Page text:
Yup, it’s Christmas again. The program at church went well. Some boys in the back row were giggling before the first song, and nudging each other in the ribs. I couldn’t figure out why until they sang the first verse to “Good Christian Friends Rejoice.”
When they came to the line, “Ox and ass before him bow,” they had a big laugh, almost like they were relieved to finally say the A word.
I smiled too. My Sunday School teacher told us not to covet our neighbor’s property or wife or ass. That would get us giggling. Some things never change.
Malika played “Good King Wenceslas” on the piano, and it sounded good. I’ll admit that beautiful music is in the ear of the beholder.
It was fun to hear all the kids play their trumpets and flutes and trombones and clarinets. It takes skill for a kid to play “Away in the Manger,” and know they’re going to hit a sour note, and then HIT the sour note, and smile with the congregation, and keep on playing.
The spirit of Christmas always hits me at Sunday School programs. You can forget about the stress that goes with the holidays for a little while, and watch little kids sing their lungs out on “Silent Night.”
You can smile as Joseph wheels his squeaky donkey down the aisle, and admire the angels with their glittery wings, and remember when you were a shepherd and got to carry a stick like that, with a top that bends over like a big candy cane.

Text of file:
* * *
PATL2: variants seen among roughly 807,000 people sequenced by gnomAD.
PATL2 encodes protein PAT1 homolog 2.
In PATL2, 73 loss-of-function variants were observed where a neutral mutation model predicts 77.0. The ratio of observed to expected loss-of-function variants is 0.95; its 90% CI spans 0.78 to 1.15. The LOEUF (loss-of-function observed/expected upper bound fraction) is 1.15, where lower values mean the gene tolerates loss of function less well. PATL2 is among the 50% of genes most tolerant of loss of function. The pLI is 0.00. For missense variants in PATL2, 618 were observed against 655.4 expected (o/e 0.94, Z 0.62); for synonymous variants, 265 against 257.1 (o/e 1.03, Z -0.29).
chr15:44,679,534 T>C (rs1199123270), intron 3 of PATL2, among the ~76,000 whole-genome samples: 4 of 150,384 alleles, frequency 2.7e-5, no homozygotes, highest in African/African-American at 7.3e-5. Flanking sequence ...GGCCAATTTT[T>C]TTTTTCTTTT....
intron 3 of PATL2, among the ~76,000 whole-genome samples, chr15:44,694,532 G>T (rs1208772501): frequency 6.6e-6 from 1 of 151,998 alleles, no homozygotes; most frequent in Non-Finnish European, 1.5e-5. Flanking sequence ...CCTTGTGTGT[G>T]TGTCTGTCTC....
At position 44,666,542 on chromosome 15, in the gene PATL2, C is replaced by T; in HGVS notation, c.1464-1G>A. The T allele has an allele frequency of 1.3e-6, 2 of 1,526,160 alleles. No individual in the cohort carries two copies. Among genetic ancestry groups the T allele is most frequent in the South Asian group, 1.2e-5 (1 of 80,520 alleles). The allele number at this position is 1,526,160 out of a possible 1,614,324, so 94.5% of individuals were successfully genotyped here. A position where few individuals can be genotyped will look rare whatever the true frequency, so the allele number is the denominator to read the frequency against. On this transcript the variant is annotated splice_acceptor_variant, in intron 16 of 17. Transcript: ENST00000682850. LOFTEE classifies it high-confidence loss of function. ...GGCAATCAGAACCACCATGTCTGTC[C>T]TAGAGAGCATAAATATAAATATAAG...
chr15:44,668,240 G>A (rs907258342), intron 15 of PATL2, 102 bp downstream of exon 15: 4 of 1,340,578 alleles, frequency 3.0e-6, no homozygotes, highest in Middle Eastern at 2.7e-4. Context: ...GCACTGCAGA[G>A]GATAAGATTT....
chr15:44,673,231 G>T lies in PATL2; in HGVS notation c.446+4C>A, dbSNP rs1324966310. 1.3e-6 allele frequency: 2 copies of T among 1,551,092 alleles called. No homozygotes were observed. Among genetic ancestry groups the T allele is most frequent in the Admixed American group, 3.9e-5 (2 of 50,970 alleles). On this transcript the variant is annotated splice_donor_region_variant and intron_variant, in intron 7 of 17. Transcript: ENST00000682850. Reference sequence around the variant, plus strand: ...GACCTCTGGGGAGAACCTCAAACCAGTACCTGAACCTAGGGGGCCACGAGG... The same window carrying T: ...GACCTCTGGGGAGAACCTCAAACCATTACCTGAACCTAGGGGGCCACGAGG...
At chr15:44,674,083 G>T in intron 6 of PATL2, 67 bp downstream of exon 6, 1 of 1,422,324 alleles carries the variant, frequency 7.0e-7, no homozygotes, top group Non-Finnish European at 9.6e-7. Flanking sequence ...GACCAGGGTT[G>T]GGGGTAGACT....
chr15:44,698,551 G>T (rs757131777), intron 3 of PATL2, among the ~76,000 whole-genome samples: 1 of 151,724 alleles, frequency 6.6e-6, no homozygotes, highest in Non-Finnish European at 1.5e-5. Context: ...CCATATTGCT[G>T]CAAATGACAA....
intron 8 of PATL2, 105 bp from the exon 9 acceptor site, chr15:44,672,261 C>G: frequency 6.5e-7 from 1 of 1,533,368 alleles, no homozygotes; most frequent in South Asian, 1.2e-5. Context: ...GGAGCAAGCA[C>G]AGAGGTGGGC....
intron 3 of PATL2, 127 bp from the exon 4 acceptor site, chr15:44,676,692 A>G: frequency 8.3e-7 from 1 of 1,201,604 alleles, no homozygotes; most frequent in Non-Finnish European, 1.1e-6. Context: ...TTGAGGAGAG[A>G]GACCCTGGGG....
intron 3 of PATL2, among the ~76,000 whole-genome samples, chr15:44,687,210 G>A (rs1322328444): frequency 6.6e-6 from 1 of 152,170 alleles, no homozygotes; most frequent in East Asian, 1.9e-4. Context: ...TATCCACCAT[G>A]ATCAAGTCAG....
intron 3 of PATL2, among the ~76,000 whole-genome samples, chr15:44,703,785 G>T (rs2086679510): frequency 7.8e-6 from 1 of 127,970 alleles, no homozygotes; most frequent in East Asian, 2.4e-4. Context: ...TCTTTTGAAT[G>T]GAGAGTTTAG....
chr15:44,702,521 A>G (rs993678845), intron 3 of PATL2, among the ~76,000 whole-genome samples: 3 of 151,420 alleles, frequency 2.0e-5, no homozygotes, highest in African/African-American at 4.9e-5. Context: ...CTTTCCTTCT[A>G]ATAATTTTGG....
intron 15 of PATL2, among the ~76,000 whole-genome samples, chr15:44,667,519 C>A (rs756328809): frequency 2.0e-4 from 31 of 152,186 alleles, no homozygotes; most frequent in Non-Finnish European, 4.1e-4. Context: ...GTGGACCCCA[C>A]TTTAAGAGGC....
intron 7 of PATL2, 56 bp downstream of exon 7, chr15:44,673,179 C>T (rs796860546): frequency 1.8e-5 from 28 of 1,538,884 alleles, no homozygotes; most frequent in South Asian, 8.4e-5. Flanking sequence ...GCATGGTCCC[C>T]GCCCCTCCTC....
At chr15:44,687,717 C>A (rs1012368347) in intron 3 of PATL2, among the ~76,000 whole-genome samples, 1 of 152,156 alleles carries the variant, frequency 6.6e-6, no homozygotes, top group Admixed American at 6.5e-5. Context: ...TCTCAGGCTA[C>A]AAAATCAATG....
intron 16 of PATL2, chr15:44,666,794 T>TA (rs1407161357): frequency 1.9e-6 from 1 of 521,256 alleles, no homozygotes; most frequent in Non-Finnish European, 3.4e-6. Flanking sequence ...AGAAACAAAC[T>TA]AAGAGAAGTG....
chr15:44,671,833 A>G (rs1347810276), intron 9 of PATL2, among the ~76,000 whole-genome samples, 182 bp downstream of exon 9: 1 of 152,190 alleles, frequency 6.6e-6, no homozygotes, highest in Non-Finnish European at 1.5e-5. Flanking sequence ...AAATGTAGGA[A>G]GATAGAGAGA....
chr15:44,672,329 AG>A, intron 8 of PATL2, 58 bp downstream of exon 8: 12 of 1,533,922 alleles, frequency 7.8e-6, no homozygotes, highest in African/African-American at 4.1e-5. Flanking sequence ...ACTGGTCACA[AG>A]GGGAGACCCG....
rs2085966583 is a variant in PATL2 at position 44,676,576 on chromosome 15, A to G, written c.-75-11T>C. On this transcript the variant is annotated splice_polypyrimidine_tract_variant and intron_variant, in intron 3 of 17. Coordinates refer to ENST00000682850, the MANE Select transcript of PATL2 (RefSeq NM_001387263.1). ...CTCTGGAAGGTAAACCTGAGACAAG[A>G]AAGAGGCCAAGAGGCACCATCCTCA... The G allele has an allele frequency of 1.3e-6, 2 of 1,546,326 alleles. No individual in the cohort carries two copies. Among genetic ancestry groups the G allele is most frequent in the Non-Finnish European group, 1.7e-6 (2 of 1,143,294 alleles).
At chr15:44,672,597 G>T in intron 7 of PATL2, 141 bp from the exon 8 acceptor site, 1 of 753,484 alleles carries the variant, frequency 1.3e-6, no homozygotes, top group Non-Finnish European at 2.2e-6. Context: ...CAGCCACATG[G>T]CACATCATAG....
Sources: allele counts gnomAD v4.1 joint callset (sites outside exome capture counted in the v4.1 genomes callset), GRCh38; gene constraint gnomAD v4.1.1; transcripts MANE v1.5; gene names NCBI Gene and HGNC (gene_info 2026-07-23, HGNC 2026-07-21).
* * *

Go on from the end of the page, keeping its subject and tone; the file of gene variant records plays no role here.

Some friends, Dave and Sue, invited our family to their house after the program, and the Christmas spirit followed us there.
Dave has made a skating rink, and it is close to divine. There’s a little island in the middle, and some rough ice to keep you from going too fast. Mostly it’s smooth as glass.
There’s nothing in the Bible about skating under a bright moon with friends and family, but there should be, along with a bonfire, and a game of Pump Pump Pull-Away, and circling the night with the woman you love.
How many times did we skate as kids on the harbor, on Schnick’s Lake? The best times were at night. Someone would make a fire, maybe bring some hot dogs. Some high schoolers would be holding hands, and we’d make fun of them, until we were old enough to do the same.
Sometimes there would be big cracks in the ice. You had to watch out for them. Danny hit one once and went flying so hard and fast that he chipped his front tooth off. It hurt so bad he cried, one of the few times I ever saw that.
Cindy and I had quarreled going to our friends’ house last Sunday. We were both stubbornly mad at each other. But we put on our skates and circled the rink hand in hand, and our argument soon disappeared into the winter night. Skating rinks can do that. They can patch up arguments, bring friends and lovers together.
We skated and skated last Sunday. After about an hour, Sue said she could do this all night. I think she was right.
Then we went inside and ate chili and bars and toasted the season with a dose of friendship.
Christmas is a time to count our blessings. Vague terms like friendship and family and love come into focus at Christmas programs and skating rinks.
Things you taught me, Grandma. I thank you for that, and I miss you too.